Friday, August 29, 2014

Holidays and Observances for August 29 2014

"According to Hoyle" Day


"According to Hoyle" Day is a day to honor Edmond Hoyle. In 1741 he instructed people how to play the game of whist, a 18th and 19th century card game. Needing a standard set of rules for the game he wrote A Short Treatise on the Game of Whist. He was encouraged to publish it since it was so well received by his students. He published several versions of the book adding rules for other games such as chess and backgammon. The phrase "according to Hoyle" was used to describe the correct rules or procedures in any activity or game.

Edmond Hoyle (1672 – 29 August 1769) was a writer best known for his works on the rules and play of card games. The phrase "according to Hoyle" came into the language as a reflection of his generally perceived authority on the subject; since that time, use of the phrase has expanded into general use in situations in which a speaker wishes to indicate an appeal to a putative authority.

National Whiskey Sour Day


Raise your glass and pour yourself a strong one - August 29 is National Whiskey Sour Day.

Don't get your mouth all twisted up at the idea of this sweet and sour quaff. Splash some bourbon, lemon juice and sugar together and shake or serve it straight.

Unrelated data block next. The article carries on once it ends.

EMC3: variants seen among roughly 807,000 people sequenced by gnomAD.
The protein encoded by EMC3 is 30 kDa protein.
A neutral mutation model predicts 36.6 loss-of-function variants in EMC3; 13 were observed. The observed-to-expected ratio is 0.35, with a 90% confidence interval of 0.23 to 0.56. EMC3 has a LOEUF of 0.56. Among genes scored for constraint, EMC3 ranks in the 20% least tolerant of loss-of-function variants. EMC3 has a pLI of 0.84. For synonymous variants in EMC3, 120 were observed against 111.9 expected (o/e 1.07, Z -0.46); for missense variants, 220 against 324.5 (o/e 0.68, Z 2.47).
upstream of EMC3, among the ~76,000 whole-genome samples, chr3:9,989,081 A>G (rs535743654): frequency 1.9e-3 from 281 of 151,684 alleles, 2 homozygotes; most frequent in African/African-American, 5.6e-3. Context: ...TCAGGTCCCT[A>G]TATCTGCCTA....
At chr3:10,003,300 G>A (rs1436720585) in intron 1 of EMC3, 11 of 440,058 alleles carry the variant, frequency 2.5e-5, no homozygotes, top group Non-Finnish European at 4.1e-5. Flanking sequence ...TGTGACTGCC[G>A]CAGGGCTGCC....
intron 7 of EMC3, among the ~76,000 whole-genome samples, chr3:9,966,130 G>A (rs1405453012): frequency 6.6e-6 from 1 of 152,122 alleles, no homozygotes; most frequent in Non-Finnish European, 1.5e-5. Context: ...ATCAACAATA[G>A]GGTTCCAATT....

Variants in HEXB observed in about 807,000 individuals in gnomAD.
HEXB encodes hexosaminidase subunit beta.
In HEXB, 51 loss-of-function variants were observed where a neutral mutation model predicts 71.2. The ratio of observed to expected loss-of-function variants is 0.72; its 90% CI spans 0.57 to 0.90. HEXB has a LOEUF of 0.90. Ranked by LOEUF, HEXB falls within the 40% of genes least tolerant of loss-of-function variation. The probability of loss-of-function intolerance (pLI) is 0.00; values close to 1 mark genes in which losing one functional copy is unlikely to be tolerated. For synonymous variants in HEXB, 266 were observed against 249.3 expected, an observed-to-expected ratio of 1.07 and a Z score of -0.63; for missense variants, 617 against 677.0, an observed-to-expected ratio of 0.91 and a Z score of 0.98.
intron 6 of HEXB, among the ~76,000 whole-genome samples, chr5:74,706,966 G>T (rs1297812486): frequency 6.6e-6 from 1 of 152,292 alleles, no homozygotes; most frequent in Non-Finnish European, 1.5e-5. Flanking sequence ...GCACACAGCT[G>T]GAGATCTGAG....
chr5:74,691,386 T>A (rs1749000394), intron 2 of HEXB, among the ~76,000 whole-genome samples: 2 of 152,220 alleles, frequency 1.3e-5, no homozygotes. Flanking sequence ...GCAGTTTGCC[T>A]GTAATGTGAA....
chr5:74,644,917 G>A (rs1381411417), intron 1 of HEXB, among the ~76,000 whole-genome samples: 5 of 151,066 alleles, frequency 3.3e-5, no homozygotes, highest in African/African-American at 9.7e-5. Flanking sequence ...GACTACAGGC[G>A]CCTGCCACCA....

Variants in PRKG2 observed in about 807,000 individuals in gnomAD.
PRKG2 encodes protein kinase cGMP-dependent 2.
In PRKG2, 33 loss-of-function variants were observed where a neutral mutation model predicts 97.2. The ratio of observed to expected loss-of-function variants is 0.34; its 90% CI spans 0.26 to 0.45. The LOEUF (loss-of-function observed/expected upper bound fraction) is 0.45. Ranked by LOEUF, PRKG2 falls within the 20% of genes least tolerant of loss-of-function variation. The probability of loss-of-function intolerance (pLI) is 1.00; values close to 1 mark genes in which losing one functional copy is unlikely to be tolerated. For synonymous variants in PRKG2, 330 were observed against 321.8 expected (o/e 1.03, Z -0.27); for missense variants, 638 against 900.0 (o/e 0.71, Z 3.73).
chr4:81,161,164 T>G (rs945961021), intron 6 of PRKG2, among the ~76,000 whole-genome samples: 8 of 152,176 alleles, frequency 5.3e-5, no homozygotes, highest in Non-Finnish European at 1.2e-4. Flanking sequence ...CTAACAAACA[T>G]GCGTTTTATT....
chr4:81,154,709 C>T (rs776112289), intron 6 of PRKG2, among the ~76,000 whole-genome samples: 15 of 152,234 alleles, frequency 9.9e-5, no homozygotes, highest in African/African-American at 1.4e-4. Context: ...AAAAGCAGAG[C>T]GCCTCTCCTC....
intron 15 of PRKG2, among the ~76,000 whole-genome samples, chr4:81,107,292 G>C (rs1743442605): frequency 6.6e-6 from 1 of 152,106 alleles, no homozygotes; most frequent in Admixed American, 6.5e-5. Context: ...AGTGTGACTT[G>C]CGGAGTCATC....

The mixed drink supposedly traces its spirits back to an English steward on a sailing ship. As a closet bartender, he was constantly experimenting with shaking and stirring things up. Whiskey met a sour dose of lime and a balancing contrast of sugar and the "sour" was born.

The oldest historical mention of a whisky sour prepared in the world comes from a newspaper published in Wisconsin in 1870.

In 1962, the Universidad del Cuyo published a story which cited a Peruvian newspaper called El Comercio de Iquique as indicating that Elliott Stubb created the "whisky sour" in 1872. El Comercio de Iquique was published by Modesto Molina between 1874 and 1879.

So shake it up, baby. Add a lemon wedge or maraschino cherry to your whiskey sour and knock back some happiness. This is one drink that won't make you sour.

National Chop Suey Day


Pass the chopsticks - August 29 is National Chop Suey Day!

Chop suey is one of those dishes with a history that needs to be taken with a grain of salt. While most have settled on the version that ties its origin to Toisan, a region in China from where many immigrants to American came from, there are some more colorful options.

Chop suey is widely believed to have been invented in America by Chinese Americans, but the anthropologist E.N. Anderson concludes that the dish is based on tsap seui (“miscellaneous leftovers”), common in Taishan (Toisan), a county in Guangdong Province (Canton), the home of many early Chinese immigrants to the U.S. This "became the infamous ‘chop suey’ of third-string Chinese restaurants in the western world, but it began life as a good if humble dish among the specialist vegetable farmers of the area. At the end of the day, they would stir-fry the small shoots, thinnings, and unsold vegetables—up to ten species in a dish!" The Hong Kong doctor Li Shu-fan likewise reported that he knew it in Toisan in the 1890s.

The long list of colorful and conflicting stories about the origin of chop suey is, in the words of the food historian Alan Davidson, “a prime example of culinary mythology” and typical of popular foods.